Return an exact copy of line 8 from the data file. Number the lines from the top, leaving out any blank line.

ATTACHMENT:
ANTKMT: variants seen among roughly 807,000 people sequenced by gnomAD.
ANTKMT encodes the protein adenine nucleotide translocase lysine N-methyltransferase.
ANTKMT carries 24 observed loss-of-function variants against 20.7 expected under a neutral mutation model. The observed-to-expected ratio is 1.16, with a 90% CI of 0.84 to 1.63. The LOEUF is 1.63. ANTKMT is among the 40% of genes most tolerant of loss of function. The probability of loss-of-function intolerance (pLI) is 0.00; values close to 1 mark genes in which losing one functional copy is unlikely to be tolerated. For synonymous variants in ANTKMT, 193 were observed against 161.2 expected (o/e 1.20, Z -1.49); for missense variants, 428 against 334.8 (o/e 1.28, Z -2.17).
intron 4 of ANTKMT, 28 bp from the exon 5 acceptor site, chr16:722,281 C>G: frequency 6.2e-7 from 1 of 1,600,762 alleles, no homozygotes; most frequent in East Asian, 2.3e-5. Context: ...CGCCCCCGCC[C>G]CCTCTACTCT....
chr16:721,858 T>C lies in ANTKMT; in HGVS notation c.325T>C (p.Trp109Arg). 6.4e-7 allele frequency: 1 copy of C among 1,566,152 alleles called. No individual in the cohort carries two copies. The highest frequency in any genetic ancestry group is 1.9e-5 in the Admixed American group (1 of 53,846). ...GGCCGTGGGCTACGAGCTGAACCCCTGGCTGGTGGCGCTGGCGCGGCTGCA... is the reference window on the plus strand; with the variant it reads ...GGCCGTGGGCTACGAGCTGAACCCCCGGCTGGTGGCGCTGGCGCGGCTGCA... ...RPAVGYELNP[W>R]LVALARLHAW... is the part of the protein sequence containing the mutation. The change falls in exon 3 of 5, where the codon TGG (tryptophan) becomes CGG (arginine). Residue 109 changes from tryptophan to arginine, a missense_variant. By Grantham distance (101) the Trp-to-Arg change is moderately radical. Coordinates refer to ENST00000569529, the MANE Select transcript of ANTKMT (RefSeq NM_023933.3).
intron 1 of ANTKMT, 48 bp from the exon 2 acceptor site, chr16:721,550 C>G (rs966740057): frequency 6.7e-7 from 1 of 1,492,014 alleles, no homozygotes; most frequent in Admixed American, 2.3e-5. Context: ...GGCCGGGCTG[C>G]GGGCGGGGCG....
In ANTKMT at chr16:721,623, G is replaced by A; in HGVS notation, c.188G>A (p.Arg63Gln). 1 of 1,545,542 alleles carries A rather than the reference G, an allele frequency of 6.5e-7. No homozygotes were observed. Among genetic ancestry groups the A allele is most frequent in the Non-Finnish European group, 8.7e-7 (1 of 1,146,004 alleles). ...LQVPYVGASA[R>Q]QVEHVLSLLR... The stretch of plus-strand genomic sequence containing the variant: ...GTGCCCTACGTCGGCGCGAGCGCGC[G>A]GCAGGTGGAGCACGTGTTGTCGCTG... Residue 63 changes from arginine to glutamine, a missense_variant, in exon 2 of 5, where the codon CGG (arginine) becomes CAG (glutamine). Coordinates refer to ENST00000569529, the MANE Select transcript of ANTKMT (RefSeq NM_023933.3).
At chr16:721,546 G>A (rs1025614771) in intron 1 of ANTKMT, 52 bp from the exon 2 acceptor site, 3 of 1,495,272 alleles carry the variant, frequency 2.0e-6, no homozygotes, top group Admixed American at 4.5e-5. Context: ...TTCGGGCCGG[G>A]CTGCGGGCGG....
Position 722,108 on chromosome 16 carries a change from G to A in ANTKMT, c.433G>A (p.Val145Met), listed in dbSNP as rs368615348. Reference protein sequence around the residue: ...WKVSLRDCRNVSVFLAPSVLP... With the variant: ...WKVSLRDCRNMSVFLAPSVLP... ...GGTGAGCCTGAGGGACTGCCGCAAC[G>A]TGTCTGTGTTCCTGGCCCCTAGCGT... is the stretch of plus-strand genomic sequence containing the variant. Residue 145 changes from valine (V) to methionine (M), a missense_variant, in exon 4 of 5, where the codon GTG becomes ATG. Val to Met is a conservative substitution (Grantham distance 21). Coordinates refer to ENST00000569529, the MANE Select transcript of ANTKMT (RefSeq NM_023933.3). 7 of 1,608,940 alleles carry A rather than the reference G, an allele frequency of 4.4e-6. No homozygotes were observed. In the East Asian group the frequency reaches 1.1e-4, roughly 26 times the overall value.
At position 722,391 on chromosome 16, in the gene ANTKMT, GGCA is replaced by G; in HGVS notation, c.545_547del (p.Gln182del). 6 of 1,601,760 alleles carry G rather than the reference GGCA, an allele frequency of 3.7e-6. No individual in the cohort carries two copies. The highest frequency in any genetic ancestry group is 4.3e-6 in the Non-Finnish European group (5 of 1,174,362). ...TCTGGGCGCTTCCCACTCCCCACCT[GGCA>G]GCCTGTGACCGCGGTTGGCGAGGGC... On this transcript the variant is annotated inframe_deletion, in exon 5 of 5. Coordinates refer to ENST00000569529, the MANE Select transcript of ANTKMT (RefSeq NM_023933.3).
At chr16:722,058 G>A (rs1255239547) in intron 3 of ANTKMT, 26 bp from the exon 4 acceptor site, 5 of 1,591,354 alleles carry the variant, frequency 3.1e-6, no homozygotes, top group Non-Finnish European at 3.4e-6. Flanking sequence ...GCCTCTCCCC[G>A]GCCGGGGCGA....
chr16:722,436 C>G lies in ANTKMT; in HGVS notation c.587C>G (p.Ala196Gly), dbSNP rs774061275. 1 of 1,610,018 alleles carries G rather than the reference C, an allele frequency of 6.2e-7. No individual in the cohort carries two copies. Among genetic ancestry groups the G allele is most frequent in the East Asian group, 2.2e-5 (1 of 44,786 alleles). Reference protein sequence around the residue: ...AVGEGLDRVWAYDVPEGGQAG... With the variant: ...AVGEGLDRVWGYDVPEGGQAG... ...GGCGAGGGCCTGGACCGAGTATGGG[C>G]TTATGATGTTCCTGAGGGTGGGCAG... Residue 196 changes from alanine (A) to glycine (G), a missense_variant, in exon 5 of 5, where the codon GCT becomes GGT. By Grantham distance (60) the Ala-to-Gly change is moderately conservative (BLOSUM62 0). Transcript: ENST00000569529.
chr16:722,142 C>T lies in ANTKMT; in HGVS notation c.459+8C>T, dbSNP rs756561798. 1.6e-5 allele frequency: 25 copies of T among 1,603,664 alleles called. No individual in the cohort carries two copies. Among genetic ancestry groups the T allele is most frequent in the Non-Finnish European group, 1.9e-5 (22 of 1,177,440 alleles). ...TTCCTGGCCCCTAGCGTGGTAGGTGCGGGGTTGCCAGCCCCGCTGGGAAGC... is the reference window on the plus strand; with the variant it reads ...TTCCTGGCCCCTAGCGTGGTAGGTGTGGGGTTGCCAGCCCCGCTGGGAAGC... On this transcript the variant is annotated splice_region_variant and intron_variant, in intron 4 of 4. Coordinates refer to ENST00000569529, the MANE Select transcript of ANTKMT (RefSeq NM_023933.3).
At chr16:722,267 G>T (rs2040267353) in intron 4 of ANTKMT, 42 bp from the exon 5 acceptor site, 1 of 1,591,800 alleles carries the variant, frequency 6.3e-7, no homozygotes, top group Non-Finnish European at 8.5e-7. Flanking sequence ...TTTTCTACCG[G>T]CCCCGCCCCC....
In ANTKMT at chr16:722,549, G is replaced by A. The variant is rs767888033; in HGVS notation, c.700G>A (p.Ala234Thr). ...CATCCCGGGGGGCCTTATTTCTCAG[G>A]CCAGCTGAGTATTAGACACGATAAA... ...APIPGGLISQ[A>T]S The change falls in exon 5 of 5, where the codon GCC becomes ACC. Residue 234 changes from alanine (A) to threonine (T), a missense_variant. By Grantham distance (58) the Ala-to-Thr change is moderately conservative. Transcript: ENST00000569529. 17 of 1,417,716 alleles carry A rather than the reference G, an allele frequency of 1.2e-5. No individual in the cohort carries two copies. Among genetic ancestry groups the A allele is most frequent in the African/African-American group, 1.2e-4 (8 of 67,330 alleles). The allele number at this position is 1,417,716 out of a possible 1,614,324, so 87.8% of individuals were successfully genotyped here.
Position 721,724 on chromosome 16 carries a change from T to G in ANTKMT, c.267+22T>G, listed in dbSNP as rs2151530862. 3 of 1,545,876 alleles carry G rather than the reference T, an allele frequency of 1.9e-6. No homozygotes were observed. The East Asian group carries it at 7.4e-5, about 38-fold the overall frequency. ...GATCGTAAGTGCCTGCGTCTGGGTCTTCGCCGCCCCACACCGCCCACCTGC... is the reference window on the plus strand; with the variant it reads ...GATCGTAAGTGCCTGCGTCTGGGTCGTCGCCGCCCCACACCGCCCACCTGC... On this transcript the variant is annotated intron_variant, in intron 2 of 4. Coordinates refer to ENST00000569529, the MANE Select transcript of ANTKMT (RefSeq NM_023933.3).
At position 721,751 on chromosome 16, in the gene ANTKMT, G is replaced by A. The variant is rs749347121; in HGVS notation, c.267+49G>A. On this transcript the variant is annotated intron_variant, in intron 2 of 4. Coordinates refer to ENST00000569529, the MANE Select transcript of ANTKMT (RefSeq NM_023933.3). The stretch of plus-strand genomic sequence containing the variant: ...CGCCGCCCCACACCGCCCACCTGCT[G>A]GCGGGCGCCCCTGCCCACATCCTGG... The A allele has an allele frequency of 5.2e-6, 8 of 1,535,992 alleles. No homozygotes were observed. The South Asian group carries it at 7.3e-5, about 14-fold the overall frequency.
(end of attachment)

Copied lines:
At chr16:721,546 G>A (rs1025614771) in intron 1 of ANTKMT, 52 bp from the exon 2 acceptor site, 3 of 1,495,272 alleles carry the variant, frequency 2.0e-6, no homozygotes, top group Admixed American at 4.5e-5. Context: ...TTCGGGCCGG[G>A]CTGCGGGCGG....